¡John Maher, Presente!

This article appeared in our Spring 2017 Newsletter

MAPA’s board member, leader, cheer-leader, strategist, and inspirer, John Maher, passed away November 3 after a tough battle with cancer. He was a life-long activist for peace, justice, the environment and the working class at home and abroad.

Born in 1938 and raised in Houston Texas, at a young age John developed a strong moral compass and commitment to social and economic justice. He brought these concerns with him when he moved to Cambridge in 1956 to attend Harvard University, where he also earned an MA in Political Science. His work on the H. Stuart Hughes campaign for U.S. senate, which focused on nuclear disarmament, then led to an engagement with the student movement.

In the 1960s and 1970s he was active in Students for a Democratic Society, the Boston Draft Resistance Group, worked in a Cambridge factory (where he organized workers), taught in Boston and Somerville public schools, and became active in Oxfam America, be-coming Director of Education and Out-reach in 1982.

In the 1980s, John joined Neighbor to Neighbor, a national network fighting U.S. policy in Central America. In the early 1990s he founded the Massachusetts chapter, eventually becoming its executive director, and turned its focus to domestic issues, including single payer health care. Over time he helped develop the Neighbor to Neighbor Massachusetts organizing model, still in place today: working people advocating for their own interests, from the grassroots up, integrating issue-based and electoral advocacy. He stepped down as director in 2001, but continued as a volunteer, going door-to-door with a clipboard until his illness and continued as an adviser to the organization until he died.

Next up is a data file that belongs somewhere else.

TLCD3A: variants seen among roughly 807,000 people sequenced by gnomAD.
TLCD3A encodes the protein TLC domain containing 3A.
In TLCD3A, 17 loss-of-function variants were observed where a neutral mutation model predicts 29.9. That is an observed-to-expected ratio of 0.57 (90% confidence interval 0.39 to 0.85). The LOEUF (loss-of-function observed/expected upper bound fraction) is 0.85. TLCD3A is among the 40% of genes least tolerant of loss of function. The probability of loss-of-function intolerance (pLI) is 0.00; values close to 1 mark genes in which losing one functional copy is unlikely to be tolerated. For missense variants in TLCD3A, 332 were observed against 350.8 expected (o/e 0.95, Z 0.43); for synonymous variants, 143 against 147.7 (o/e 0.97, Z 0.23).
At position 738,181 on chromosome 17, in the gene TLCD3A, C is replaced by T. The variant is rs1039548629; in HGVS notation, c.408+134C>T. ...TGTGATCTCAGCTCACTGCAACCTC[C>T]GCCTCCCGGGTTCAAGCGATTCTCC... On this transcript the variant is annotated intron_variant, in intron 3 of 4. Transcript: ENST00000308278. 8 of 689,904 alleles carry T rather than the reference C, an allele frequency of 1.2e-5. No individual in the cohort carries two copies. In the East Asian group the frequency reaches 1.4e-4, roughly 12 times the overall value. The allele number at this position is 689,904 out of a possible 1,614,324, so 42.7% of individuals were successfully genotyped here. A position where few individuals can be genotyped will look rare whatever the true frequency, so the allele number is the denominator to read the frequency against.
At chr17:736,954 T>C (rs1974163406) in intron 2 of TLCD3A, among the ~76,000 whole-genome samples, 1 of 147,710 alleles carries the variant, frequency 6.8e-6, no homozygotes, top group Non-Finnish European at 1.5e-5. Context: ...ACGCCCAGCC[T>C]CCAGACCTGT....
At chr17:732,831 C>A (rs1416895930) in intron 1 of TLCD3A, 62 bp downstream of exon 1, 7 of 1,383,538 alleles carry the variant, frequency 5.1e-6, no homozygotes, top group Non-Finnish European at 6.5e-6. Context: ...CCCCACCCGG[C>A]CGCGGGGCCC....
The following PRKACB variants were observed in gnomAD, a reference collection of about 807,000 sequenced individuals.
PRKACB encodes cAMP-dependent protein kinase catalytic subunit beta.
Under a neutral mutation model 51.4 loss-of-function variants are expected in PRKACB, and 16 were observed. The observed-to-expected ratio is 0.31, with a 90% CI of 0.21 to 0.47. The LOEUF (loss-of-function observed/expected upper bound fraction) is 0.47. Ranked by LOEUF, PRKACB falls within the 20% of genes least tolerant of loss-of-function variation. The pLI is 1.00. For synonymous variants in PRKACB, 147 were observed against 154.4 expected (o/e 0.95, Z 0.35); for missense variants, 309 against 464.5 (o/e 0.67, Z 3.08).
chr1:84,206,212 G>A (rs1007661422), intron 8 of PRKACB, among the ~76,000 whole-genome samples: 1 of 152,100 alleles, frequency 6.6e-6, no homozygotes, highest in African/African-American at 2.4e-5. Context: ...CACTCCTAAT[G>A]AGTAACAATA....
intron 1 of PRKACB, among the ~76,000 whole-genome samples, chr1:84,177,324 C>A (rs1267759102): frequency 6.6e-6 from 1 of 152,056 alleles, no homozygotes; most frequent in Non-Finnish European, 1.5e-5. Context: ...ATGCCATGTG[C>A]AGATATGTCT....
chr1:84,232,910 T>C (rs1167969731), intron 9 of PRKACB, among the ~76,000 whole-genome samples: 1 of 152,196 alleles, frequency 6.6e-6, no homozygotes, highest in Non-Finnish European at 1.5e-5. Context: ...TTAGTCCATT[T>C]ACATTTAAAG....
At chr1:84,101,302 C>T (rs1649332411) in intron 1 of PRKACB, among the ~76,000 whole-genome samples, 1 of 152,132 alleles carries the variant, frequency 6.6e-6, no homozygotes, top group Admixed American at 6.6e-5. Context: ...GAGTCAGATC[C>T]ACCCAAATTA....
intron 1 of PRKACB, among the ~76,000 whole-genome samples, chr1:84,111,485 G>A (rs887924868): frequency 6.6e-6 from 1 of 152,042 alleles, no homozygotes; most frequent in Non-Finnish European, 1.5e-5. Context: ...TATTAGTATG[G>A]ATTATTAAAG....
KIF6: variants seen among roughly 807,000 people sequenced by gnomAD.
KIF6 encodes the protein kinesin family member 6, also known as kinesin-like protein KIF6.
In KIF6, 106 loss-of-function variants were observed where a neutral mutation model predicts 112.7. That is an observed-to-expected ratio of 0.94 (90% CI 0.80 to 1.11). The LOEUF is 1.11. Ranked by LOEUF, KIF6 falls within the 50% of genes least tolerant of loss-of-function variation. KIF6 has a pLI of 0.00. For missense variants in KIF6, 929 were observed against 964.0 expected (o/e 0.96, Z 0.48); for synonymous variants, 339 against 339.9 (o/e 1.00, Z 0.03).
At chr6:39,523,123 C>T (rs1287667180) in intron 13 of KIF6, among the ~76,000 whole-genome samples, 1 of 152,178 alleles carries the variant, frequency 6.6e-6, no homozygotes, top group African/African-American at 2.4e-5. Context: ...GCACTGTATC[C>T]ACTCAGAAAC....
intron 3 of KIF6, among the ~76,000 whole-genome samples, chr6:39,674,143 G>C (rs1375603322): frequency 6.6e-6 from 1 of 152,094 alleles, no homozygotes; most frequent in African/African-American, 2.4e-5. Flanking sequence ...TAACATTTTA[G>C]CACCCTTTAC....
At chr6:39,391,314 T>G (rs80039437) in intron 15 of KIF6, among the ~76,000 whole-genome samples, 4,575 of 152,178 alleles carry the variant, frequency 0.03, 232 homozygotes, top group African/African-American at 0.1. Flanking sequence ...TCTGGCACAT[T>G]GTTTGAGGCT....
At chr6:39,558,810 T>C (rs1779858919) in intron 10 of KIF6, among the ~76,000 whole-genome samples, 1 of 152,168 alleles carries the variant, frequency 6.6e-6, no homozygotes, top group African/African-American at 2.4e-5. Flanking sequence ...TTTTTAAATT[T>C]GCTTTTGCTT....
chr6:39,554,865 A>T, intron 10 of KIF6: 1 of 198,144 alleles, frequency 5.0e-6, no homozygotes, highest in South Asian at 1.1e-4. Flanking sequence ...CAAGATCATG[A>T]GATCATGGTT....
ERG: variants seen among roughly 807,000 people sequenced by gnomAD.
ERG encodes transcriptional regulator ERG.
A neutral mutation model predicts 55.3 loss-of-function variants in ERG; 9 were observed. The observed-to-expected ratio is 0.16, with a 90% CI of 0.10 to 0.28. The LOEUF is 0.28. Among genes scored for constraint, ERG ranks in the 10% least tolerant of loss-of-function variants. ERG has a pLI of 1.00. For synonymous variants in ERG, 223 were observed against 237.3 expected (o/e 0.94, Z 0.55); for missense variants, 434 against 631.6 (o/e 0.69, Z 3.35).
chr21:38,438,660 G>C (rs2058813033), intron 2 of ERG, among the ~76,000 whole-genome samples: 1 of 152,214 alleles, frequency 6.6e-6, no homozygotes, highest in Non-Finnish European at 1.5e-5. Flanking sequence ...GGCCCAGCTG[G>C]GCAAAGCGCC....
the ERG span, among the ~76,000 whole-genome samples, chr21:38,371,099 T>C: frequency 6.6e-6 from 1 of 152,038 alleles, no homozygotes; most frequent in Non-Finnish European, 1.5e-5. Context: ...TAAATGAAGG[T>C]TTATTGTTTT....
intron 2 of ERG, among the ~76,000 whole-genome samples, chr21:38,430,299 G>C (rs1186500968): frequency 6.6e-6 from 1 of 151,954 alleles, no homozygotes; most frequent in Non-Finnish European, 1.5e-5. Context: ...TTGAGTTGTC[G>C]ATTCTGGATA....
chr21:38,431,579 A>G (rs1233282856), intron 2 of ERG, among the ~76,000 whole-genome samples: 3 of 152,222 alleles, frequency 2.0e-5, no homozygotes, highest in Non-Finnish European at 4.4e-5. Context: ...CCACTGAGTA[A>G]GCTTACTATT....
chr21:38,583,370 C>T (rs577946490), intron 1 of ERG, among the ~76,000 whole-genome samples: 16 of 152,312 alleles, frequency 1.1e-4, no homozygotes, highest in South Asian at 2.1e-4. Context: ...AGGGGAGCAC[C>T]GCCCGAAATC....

In 2001 he was awarded a life-time achievement award from the Democratic Socialists of America for his contributions to the struggle for social and economic justice.” He was the author of Learning from the Sixties, setting down the story of his lifetime of social engagement and reflecting on the course of activism over that fifty-year span. He was an inspiration to a new generation of young organizers.

John co-founded the 25% Solution with Mike Prokosch, me and others, which organized to cut the military budget by 25% and use the funds for jobs, housing, education, and the environment. Our campaign merged with Massachusetts Peace Action in 2011 and he served on the board of MAPA from then until his death.

I worked closely with John for fifteen years on issues of peace and justice, and fighting the US Empire, as he liked to put it. He possessed a brilliant political mind and I learned an enormous amount from him. I, and MAPA, miss him very much.